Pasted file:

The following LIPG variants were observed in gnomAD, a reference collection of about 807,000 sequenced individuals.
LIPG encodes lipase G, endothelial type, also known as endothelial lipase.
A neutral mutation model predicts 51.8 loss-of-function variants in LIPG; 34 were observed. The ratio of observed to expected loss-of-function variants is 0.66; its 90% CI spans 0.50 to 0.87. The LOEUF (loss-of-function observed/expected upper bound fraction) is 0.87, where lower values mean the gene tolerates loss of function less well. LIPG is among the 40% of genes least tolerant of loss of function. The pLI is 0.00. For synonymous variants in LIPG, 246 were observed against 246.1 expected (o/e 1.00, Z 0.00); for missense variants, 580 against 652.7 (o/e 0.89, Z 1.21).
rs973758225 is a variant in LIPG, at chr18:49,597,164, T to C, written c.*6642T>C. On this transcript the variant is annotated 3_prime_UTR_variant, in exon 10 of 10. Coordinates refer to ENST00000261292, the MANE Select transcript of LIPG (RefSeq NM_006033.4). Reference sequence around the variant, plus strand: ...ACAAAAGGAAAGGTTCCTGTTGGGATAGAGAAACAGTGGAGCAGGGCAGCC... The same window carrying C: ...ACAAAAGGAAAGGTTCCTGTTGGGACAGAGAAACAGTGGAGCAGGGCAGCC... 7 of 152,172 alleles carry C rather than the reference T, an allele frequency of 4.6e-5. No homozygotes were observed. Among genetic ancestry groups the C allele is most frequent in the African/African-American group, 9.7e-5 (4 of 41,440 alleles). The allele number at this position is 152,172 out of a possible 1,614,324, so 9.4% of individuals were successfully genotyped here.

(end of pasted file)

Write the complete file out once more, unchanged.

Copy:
The following LIPG variants were observed in gnomAD, a reference collection of about 807,000 sequenced individuals.
LIPG encodes lipase G, endothelial type, also known as endothelial lipase.
A neutral mutation model predicts 51.8 loss-of-function variants in LIPG; 34 were observed. The ratio of observed to expected loss-of-function variants is 0.66; its 90% CI spans 0.50 to 0.87. The LOEUF (loss-of-function observed/expected upper bound fraction) is 0.87, where lower values mean the gene tolerates loss of function less well. LIPG is among the 40% of genes least tolerant of loss of function. The pLI is 0.00. For synonymous variants in LIPG, 246 were observed against 246.1 expected (o/e 1.00, Z 0.00); for missense variants, 580 against 652.7 (o/e 0.89, Z 1.21).
rs973758225 is a variant in LIPG, at chr18:49,597,164, T to C, written c.*6642T>C. On this transcript the variant is annotated 3_prime_UTR_variant, in exon 10 of 10. Coordinates refer to ENST00000261292, the MANE Select transcript of LIPG (RefSeq NM_006033.4). Reference sequence around the variant, plus strand: ...ACAAAAGGAAAGGTTCCTGTTGGGATAGAGAAACAGTGGAGCAGGGCAGCC... The same window carrying C: ...ACAAAAGGAAAGGTTCCTGTTGGGACAGAGAAACAGTGGAGCAGGGCAGCC... 7 of 152,172 alleles carry C rather than the reference T, an allele frequency of 4.6e-5. No homozygotes were observed. Among genetic ancestry groups the C allele is most frequent in the African/African-American group, 9.7e-5 (4 of 41,440 alleles). The allele number at this position is 152,172 out of a possible 1,614,324, so 9.4% of individuals were successfully genotyped here.